Journaling is one type of documentation that is used by professional visual artists and has been an important part of their various creative processes. Artist journals are extremely valuable to art researchers who study them as a way to gain deeper understandings of the way visual artists think, process the things they are influenced by, as well as to form and present opinions about the world they live in through imagery. Jamaican artists such as Barrington Watson, Edna Manley and Milton George like other local and international artists have, throughout their careers, dedicated scrapbooks and notebooks to documenting their artistic process. These types of journals explored ideas, through sketches, collected cut-outs and other kinds of samples to help bring their final works of art to existence. 

They have used journaling to:

  • Write about and make experimental drawings 
  • Collect other images that allowed them to explore options in the use of the elements and principles of art 

Requirement Highlights for the CSEC Visual Arts Journal

Through the CSEC Reflective Journal, you (the student) can demonstrate your understanding of the theory, process and practice of Visual Arts through the Expressive Forms that you have chosen. Similar to professional artists, an important part of the journaling process for you is to include examples of photographs, samples, interviews, critiques, descriptive and personal statements in your Reflective Journal. Your Reflective Journal must be presented in a booklet no smaller than 21cm x 30cm and no larger than 30cm x 40cm. It should also contain approximately 1000 words. Your journaling process should reflect your:

  • Conceptualization (brainstorming, noting and sketching ideas for your project),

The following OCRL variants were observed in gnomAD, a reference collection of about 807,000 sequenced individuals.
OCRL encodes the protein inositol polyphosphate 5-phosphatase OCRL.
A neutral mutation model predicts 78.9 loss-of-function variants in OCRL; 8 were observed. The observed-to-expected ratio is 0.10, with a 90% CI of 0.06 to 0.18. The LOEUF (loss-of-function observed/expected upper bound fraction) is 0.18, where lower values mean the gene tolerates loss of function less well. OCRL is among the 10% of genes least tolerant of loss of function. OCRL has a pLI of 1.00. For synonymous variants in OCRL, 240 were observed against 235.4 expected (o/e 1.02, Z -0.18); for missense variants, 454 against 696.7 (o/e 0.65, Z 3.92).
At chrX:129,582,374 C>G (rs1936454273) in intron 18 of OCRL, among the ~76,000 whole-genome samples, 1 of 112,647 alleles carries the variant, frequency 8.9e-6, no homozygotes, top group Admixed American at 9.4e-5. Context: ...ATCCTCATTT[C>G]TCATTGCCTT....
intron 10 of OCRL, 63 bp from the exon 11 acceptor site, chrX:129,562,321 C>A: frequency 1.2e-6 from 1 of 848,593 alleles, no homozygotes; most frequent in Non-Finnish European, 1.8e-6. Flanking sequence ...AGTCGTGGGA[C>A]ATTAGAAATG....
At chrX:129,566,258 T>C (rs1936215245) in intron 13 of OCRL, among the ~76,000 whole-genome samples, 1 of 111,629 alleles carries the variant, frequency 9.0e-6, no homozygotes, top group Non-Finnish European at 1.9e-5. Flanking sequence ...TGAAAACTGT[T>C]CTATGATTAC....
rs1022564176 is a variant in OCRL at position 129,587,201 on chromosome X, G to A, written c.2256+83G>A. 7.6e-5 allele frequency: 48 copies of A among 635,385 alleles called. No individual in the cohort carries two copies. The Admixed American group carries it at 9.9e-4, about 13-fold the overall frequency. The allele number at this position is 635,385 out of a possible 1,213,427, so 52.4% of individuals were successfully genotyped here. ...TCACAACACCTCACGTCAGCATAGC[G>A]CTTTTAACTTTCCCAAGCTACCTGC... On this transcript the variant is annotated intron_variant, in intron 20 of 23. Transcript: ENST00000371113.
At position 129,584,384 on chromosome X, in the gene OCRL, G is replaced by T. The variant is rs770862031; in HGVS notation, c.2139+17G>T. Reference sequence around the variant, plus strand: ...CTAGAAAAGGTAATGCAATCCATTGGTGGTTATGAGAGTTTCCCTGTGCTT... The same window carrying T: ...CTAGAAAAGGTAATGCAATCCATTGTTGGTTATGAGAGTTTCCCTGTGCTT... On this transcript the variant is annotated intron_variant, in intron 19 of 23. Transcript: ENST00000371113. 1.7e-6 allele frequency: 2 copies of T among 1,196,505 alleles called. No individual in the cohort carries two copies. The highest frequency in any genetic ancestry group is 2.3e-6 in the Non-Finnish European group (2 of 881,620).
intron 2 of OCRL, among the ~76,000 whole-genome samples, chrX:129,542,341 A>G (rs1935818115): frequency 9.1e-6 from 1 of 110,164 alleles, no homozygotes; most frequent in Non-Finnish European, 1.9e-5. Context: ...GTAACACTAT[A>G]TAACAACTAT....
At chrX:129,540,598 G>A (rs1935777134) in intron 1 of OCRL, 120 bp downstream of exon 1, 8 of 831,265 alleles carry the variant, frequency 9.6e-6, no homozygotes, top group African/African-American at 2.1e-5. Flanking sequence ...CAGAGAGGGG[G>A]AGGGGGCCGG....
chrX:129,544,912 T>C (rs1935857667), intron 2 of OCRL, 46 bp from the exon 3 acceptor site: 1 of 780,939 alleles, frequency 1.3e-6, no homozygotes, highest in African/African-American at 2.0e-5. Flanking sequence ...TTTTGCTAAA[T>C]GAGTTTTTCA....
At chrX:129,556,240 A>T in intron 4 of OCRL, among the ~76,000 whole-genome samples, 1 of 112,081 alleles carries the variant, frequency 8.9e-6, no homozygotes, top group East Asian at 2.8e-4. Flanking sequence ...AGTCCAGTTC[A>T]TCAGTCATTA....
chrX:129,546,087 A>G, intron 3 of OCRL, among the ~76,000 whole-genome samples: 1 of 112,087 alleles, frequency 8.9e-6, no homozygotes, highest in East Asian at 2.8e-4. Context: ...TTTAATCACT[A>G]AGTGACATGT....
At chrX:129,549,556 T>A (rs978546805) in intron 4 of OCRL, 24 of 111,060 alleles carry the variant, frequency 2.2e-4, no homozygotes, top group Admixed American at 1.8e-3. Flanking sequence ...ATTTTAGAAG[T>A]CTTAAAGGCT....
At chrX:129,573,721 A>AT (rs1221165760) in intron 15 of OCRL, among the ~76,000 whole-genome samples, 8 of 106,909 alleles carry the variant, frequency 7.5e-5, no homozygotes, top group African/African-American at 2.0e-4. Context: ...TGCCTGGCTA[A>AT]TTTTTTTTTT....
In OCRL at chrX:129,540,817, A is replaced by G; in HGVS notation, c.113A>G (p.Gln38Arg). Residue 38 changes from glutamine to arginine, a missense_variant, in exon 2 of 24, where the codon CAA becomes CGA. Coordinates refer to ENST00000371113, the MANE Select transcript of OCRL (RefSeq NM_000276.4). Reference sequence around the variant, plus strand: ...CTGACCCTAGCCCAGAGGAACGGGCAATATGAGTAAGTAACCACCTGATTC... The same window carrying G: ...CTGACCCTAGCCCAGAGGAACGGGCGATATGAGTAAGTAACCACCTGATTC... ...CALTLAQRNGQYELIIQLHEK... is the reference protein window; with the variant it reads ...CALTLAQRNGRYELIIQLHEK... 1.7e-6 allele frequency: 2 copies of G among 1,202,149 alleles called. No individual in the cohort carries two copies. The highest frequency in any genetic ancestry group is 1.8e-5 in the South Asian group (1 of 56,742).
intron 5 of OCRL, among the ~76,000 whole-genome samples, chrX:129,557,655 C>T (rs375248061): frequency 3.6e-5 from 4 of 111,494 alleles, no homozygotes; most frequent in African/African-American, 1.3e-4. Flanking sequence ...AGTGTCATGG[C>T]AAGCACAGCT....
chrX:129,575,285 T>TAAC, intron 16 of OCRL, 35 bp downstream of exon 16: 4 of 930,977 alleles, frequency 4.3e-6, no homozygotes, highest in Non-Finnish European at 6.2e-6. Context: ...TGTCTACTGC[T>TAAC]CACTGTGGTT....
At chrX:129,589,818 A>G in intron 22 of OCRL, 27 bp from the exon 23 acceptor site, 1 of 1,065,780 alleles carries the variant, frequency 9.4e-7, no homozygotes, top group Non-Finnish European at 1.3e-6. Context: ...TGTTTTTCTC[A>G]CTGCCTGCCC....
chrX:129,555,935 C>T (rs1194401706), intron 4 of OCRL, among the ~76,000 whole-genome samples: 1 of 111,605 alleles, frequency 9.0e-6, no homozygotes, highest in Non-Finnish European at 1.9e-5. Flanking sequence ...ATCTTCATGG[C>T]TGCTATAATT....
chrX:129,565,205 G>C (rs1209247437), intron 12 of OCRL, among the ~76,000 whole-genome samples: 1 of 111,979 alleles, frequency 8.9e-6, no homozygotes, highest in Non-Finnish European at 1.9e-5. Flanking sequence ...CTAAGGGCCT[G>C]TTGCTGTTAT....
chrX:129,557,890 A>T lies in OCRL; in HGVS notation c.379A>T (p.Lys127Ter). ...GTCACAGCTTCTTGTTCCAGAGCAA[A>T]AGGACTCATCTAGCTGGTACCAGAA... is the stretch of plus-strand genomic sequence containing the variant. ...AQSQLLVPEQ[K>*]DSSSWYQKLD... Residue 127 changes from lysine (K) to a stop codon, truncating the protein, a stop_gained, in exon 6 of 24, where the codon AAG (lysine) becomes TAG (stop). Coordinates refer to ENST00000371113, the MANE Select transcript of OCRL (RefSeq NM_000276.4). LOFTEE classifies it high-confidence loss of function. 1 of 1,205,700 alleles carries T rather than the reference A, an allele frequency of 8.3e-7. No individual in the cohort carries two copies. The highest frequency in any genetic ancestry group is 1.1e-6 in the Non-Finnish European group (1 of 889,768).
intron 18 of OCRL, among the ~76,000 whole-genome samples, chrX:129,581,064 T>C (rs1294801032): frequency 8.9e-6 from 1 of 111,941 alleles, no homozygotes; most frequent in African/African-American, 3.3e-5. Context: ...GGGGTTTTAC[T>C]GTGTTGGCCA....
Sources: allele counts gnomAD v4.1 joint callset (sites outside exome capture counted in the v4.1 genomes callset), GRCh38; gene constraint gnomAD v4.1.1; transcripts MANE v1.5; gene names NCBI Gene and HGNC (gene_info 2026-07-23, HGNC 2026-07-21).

• Research (be sure to record all your sources) 
  • Documentation (ensure that your materials are properly organized and labeled). 

At the end of the process, your Reflective Journal must have the following sections as outlined by the CSEC Visual Arts Syllabus (effective from May/June 2011). These sections include:  

  1. A Title.
  2. A Brief Statement outlining reasons for selecting the Expressive Form.
  3. A definition of terms and concepts used in the Journal.
  4. Illustrations, drawings, photographs, maps, digital documentations or any other supportive visual materials relevant to the Expressive Form. Images should be properly labeled with titles as well as other information where relevant (artist or craftsperson, date, materials, dimensions, location).
  5. Background information related to the Expressive Forms – historical or cultural information as it relates to the period, group, country and region.
  6. Student’s analysis of the object, artwork, design, artist/craftsperson, place or materials in terms of style, content, influences, form and function; interpretation, evaluation referencing specific examples.
  7. Preparation and process.
  8. Use of material – traditional, contemporary or experimental.